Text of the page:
Now’s the time to hire Computing Education faculty!

February 22, 2010 at 2:46 pm 2 comments

Warning! The following post is even more self-serving (or at least, student-serving) than usual! I have two PhD students on the market this year. A former student is on the market (just finishing his post-doc). I know a very good new PhD in computing education from another institution who is also now on the market.  I was bemoaning their luck this weekend, at going on the market at such an awful time for US academia.  But as I started thinking about the points against hiring in computing education, I suddenly realized that I had it backwards.  There could hardly be a better time to hire computing education faculty!

For the first time perhaps ever, there are multiple sources of funding for computing education.  NSF has announced not one but two new funding programs that will fund work in computing education: One focused on the whole pipeline from middle school up, and another focused on tools.  DARPA has a solicitation out now in computing education, and rumor has it that more is in the pipeline.

The journal ACM Transactions on Computing Education is in its second year.  The conference International Computing Education Research Workshop is entering its fifth year.  There are now good publication venues, appropriate for earning tenure for junior faculty in computing education.

It would be a great thing for the field of computing education for some school to develop strength in computing education.  To have some big wins, to scale up some efforts to go after big goals (like CS 10K) would be a benefit for everybody.  Who should go after this win?  What would be the criteria for a school that should go after some serious depth in computing education?

  • More than one faculty member — a more senior person and a new hire, at least.  There are few institutions with more than one research faculty member in computing education (by some measure, e.g. funded by NSF and publishing at ICER and ACM ToCE).  To have that depth would be a great start.  That gives the junior person someone to help with those first proposals to NSF and DARPA. Two (or three or four) can do more than one.
  • Have a strong Computer Science Department.  The funding programs I mentioned are coming out of CISE (Computer and Information Sciences and Engineering) Division.  It’s going to be hard for an Education school, or maybe even an IS/IT department, to get CISE reviewers to buy into a big effort.  You’ll frankly need a CS department that reviewers will recognize as being high-quality.  There are a bunch of interesting research questions in computing education which can only be answered from computing expertise.  What is pedagogical content knowledge for computing education?  How do we use new media (from Kindles, and video games, even to YouTube) to teach computing well?  (Where are today’s Rocky’s Boots and the Schoolhouse Rock of computing education?)
  • Finally, and this part may not be obvious: A strong Education school.  Cameron Wilson and I have a piece coming out in CACM about funding for computing education.  The budget in the EHR (Education and Human Resources) Directorate at NSF is some 50 times larger than what CISE can put into computing education.  EHR is necessary to roll out nationwide scale-up.  It’s going to be hard to convince EHR reviewers to fund really big grants (e.g., tens of millions) in scaling up computing education efforts without serious education involvement.  CS-based researchers can figure out the basic computing education mechanisms, but it’s Education that knows how to scale.  A CS department will be hard-pressed to make a strong case for, say, a large-scale teacher education effort if it has never done pre-service or in-service teacher development, and has no existing courses or instructors in teacher professional development.  There are some great education research questions in scaling up computing education efforts.  How do you grow computing education when its identity is confused?  How do you create a community of CS teachers, and create a strong identity as a CS teacher? How do we get to 10K CS teachers in only five years?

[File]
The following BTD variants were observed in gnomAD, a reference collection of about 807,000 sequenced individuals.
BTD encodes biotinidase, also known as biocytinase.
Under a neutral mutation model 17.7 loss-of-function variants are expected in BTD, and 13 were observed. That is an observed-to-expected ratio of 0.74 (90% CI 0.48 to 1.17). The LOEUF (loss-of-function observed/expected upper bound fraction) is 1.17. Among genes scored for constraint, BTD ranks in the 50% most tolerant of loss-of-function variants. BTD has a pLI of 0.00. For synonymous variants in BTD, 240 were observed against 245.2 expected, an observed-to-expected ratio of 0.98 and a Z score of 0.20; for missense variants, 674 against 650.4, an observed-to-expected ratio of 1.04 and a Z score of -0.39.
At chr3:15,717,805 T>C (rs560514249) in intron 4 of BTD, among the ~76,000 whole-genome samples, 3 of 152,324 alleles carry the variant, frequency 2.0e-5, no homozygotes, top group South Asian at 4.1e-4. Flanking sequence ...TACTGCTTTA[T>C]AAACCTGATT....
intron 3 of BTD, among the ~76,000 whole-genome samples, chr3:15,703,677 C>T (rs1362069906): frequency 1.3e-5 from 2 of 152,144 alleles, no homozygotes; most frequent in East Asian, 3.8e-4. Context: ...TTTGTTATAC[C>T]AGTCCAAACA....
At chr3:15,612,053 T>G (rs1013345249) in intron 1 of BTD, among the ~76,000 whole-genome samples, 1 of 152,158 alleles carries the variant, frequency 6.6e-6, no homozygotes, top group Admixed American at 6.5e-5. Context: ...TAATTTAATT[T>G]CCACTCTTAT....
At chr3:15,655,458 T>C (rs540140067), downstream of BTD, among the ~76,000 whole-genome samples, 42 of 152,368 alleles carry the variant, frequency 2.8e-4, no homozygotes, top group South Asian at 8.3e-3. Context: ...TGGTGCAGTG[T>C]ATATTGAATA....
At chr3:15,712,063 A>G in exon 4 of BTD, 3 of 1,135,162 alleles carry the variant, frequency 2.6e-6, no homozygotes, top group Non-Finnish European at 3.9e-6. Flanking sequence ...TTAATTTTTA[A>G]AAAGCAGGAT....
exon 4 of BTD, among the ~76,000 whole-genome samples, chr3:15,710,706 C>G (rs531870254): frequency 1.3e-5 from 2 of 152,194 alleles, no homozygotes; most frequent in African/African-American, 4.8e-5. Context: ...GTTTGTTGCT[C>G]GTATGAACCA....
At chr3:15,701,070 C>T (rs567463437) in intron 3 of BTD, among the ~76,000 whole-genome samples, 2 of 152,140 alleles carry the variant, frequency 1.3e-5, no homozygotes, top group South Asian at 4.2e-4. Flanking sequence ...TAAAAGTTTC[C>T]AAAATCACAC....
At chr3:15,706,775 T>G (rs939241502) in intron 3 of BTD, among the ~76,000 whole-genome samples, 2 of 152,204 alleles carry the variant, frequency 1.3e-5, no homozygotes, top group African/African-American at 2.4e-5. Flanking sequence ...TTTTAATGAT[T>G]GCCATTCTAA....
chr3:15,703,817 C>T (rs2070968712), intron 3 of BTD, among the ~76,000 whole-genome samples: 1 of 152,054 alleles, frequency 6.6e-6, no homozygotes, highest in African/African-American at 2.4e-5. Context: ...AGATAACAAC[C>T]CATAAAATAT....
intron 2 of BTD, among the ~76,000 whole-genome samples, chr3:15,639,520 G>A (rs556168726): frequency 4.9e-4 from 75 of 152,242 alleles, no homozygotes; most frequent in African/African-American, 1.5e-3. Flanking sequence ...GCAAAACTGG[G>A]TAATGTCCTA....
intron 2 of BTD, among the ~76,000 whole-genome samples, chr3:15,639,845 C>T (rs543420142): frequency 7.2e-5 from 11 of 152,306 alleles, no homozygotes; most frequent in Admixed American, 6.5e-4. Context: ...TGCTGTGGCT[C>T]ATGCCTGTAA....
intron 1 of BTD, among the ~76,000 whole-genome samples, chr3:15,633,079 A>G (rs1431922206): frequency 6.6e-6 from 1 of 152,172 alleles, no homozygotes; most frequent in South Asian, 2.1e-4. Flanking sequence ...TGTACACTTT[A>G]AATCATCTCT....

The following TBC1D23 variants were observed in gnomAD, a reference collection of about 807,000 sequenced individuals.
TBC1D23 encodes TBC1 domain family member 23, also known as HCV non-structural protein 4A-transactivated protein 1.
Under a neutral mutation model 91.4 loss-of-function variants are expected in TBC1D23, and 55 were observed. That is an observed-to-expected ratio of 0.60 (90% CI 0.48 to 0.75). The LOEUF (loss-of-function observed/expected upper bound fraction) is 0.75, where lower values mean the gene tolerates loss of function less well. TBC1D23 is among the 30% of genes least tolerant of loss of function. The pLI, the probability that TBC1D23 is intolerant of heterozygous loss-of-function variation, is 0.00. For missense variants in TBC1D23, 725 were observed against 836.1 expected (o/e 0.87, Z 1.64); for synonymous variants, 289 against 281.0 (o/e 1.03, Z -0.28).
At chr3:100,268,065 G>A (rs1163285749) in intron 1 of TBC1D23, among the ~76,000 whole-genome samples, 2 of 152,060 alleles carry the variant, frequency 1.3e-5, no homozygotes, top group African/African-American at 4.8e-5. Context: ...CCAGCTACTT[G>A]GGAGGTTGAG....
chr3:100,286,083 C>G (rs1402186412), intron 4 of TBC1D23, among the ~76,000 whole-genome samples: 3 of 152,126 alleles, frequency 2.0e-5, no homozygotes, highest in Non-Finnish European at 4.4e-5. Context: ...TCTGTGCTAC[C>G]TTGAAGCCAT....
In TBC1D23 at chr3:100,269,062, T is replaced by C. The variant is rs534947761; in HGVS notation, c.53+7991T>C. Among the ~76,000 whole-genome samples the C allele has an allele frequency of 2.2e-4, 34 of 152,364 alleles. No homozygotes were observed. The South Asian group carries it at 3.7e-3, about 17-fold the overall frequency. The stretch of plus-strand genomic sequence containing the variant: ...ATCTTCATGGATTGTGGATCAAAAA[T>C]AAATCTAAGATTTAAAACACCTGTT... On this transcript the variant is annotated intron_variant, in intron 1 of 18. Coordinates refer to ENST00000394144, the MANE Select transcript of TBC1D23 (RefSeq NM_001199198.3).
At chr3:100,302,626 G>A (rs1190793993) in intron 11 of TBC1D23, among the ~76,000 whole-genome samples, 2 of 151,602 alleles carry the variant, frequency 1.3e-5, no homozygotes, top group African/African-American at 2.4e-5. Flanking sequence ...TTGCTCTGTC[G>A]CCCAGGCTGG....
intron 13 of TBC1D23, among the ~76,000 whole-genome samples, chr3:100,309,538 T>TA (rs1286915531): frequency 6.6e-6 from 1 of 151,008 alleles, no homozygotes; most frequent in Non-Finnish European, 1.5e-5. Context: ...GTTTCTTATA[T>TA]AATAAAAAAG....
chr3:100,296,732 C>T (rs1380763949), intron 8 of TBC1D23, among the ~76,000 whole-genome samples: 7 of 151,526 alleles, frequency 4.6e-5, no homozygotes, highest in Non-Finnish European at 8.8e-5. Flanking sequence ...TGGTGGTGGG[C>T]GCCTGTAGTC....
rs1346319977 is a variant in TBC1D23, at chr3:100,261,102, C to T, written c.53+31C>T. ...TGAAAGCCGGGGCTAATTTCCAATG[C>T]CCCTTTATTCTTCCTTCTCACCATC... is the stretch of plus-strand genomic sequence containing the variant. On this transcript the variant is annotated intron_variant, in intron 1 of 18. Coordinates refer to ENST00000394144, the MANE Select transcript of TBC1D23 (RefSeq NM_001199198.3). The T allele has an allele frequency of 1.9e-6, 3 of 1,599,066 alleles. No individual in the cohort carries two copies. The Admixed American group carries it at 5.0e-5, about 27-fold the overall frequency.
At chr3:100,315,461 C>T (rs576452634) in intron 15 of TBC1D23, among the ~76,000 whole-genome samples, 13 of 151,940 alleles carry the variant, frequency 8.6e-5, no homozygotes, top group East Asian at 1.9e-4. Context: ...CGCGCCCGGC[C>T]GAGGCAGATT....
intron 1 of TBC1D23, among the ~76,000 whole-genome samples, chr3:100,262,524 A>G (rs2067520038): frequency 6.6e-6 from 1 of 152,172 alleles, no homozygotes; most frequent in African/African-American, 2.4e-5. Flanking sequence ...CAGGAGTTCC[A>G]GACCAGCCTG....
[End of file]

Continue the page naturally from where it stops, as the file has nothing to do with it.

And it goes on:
Just to identify the limit of my self-serving nature, I don’t see Georgia Tech making these hires.  We’re a state school, so we’re in very tight times.  We have no education program.  (By the way, I’m not looking to move to help someplace build up this CS Ed depth — especially with our son starting Georgia Tech in the Fall!)  However, I do think that this is a great time for somebody to put these pieces together, make some new hires, and further computing education.

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2 Comments Add your own

  • 1. William Doane  |  February 22, 2010 at 7:36 pm

    Can I join the self-serving bandwagon, pretty please? I’m a recently minted PhD in just that boat, and the market has been a killer. A series of good interviews followed by canceled searches (in one case, an expected 8% cut turned into a 22% cut, and the position turned into vaporware) or hiring of internal candidates. My primary area of interest is CSEd research, although I have a lot of side experience in SciEd research, EdTech research, and teacher education.

    I think you’re exactly right about the need for a blending of a strong CS department and a strong Education school… both in terms of reputation and self identity… with the addition that each should be able to respect the methods of the other. CSEd Research needs to be more than EdTech and CSEd needs to be more than CS.

    To borrow a phrase, “I can’t think of a time when it’s been more important to be good at what we do.”

    -Wil

    Reply
  • […] 2, 2010 The second expected new NSF program that might fund computing education research has just been released. Very exciting!  What a great time to do work in computing education […]

    Reply

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